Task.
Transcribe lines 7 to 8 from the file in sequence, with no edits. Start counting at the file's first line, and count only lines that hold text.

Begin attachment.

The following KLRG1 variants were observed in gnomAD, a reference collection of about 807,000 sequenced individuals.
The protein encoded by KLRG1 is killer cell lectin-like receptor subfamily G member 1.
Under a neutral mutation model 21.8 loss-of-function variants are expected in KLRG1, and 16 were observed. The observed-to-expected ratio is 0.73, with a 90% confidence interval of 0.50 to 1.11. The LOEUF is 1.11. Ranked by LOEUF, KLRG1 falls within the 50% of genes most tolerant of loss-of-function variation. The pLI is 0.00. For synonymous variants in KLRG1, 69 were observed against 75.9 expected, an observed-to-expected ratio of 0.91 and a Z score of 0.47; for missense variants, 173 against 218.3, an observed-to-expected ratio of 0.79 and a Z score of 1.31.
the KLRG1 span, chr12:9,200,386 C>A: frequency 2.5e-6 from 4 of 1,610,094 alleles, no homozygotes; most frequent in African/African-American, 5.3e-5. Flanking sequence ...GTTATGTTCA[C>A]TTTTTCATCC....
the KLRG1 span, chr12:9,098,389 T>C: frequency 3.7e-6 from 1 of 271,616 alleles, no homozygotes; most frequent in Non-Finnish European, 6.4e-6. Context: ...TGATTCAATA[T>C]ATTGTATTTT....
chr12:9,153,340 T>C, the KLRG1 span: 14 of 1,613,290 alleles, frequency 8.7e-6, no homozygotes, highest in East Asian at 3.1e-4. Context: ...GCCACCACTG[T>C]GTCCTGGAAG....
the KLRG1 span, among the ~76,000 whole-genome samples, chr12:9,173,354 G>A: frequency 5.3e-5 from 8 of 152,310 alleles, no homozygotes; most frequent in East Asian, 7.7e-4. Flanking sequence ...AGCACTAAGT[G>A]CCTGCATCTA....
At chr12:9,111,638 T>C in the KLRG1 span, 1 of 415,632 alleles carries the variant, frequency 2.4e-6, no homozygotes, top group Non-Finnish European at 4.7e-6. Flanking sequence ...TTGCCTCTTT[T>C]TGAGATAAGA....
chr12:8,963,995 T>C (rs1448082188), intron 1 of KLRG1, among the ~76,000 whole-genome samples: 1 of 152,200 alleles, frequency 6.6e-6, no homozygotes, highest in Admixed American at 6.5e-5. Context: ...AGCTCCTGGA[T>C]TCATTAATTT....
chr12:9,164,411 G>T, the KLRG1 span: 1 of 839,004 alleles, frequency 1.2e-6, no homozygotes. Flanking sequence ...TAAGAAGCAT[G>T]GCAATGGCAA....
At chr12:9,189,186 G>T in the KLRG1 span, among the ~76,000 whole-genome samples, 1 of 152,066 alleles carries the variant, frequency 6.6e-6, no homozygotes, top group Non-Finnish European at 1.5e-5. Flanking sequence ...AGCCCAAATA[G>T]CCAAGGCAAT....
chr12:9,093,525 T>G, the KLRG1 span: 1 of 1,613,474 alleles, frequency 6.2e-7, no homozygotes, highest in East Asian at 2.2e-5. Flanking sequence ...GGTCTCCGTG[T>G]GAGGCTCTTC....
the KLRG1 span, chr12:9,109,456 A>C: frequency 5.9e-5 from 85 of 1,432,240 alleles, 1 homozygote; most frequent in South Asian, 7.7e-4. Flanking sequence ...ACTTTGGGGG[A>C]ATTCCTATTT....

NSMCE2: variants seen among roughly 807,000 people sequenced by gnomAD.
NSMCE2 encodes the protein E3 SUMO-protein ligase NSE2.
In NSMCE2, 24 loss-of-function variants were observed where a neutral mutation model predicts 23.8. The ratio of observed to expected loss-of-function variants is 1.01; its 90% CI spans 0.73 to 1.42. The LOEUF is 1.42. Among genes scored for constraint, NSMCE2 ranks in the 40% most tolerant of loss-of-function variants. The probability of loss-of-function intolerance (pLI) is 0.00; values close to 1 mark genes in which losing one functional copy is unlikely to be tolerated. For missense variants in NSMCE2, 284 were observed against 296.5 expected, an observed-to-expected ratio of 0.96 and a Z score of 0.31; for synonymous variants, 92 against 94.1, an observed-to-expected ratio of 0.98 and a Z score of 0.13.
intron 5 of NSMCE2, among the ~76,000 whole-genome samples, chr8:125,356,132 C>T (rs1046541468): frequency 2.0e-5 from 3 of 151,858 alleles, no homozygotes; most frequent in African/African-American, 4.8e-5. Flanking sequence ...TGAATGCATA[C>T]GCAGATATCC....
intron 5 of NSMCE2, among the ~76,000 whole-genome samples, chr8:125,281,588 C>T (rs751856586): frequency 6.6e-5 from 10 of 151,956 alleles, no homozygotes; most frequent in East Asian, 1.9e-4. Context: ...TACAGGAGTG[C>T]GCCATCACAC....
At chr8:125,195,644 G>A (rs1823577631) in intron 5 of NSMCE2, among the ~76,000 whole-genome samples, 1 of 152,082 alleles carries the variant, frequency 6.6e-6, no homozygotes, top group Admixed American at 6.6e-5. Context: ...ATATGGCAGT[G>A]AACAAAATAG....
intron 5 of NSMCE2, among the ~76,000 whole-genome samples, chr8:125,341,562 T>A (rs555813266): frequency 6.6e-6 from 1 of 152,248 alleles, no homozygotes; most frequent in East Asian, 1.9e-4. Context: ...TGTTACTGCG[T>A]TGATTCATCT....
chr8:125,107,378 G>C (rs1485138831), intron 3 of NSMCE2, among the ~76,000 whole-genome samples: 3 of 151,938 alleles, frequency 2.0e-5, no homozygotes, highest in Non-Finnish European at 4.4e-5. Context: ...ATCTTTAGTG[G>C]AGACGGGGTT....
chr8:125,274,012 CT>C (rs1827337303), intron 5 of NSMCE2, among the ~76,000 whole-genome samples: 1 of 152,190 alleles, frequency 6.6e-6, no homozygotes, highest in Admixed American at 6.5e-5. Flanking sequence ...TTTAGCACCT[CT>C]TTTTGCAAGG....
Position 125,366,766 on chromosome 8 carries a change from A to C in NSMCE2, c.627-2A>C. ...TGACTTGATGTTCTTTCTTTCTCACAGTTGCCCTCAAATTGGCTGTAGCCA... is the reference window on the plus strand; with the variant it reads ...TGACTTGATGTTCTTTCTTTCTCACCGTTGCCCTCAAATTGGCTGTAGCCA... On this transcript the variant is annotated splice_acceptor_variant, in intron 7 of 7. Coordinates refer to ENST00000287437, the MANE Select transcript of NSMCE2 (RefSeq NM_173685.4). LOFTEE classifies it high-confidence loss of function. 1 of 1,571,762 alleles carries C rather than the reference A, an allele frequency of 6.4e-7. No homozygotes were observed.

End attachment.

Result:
the KLRG1 span, among the ~76,000 whole-genome samples, chr12:9,173,354 G>A: frequency 5.3e-5 from 8 of 152,310 alleles, no homozygotes; most frequent in East Asian, 7.7e-4. Flanking sequence ...AGCACTAAGT[G>A]CCTGCATCTA....
At chr12:9,111,638 T>C in the KLRG1 span, 1 of 415,632 alleles carries the variant, frequency 2.4e-6, no homozygotes, top group Non-Finnish European at 4.7e-6. Flanking sequence ...TTGCCTCTTT[T>C]TGAGATAAGA....